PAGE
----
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Venus Williams is best known for being a champion professional tennis player, but she's also a talented and creative entrepreneur. She's the chief executive officer of interior design firm V Starr Interiors, and in 2007 she launched a fashion line with Steve & Barry's. Here, she tells TODAY why she loves producing inclusive clothing for women of all sizes.
For me, personal style was a journey. I was born in the '80s, so there have certainly been some bad fashion choices on my part. But over time, I've found my style.
Now, my goal is helping other women find theirs.
The message I hope to send to my fans through EleVen, my clothing line, is that you should always be aiming for your personal best. That means you should go past reaching for a "10" and instead reach for that "11." Still, whatever your own "11" is, accept that.
What it's not aboutis comparing yourself to anyone besides that best version of yourself.
If you're larger, you're larger. If you're smaller, you're smaller. Just make sure that you know the best person you can be, realistically, and always strive to be her. What you don't want to do is see the best person someone else can be and strive to be them.
Stay true to yourself.
The truth is, there have been so many people who have body-shamed Serena and me. They've said things like, "Oh, they're too muscular," and, "Oh, they look too much like men." If I look like a guy, great, whatever. I don't really care.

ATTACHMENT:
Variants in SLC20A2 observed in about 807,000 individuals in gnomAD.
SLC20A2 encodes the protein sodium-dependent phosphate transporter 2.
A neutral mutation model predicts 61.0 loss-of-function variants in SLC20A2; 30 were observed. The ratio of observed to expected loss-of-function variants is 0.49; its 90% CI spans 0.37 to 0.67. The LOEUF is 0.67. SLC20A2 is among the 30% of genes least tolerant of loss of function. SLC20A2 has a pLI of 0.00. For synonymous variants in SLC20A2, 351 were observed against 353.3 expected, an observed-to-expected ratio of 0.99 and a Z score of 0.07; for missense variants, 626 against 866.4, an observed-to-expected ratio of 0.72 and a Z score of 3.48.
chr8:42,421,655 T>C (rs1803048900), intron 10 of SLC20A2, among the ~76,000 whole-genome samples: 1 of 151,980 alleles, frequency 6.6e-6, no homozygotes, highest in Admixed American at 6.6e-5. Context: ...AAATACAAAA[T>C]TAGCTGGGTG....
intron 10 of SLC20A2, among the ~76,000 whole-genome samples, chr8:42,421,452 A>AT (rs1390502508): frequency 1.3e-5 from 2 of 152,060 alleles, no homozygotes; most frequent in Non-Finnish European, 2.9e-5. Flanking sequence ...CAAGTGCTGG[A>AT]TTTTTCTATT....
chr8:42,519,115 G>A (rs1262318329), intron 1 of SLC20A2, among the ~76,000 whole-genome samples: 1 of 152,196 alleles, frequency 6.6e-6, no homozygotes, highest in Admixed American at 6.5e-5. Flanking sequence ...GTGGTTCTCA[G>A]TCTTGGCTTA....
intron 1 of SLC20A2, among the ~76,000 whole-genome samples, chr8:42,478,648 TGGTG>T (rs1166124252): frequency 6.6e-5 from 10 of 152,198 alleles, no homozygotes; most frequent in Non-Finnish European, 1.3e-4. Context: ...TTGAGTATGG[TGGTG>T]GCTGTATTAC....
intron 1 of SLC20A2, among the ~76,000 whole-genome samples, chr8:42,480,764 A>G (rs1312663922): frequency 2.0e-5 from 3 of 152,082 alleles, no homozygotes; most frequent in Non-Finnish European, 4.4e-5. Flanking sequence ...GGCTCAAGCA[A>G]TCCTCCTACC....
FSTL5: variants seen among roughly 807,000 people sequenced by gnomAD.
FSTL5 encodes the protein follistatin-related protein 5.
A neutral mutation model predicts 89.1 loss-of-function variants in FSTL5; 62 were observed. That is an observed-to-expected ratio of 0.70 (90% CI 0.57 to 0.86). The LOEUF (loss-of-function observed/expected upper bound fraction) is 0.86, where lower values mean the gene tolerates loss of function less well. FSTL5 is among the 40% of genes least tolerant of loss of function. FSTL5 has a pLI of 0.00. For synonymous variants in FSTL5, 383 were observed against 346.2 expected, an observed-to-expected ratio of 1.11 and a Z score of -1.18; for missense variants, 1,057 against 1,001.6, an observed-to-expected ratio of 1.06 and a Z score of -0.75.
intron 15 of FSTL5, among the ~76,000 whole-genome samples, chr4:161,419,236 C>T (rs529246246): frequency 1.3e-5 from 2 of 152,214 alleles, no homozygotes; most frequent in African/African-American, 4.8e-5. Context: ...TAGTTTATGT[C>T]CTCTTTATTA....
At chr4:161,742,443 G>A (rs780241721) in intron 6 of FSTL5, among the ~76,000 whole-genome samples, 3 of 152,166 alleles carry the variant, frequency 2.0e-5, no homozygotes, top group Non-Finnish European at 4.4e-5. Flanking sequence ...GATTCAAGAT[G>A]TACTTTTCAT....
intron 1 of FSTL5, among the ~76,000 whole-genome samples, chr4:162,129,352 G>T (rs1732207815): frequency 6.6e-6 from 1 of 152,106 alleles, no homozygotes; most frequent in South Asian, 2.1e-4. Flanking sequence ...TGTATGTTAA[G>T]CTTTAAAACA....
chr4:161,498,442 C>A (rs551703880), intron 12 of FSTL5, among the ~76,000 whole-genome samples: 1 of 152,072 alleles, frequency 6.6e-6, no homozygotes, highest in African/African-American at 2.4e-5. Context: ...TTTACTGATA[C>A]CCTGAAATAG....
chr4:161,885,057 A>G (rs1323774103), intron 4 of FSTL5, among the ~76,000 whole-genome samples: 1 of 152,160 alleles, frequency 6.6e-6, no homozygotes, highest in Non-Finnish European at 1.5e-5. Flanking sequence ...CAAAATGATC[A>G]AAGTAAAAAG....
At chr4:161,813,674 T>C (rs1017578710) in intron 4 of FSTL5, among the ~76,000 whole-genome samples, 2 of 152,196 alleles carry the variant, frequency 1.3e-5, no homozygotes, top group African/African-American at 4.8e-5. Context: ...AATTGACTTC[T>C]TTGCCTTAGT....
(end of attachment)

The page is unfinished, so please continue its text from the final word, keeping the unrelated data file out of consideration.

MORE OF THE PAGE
My body looks the way it is because I'm strong, I work hard and I train hard. It's an achievement of mine, and I'm in control of it.
I want others to feel this.
When your self-talk gets to a place where you know who you are and what's in your heart, nobody can touch you. And that's an incredible moment.
I design for women of all body shapes and sizes because I want everyone to feel secure about themselves. There's just no feeling like it.
And at the end of the day, we have to stop judging ourselves. If we stop that and instead let go and focus on the things we're achieving and the incredible people we are, that's a thousand times more important than anything else in between.
As told to TODAY's Rebekah Lowin.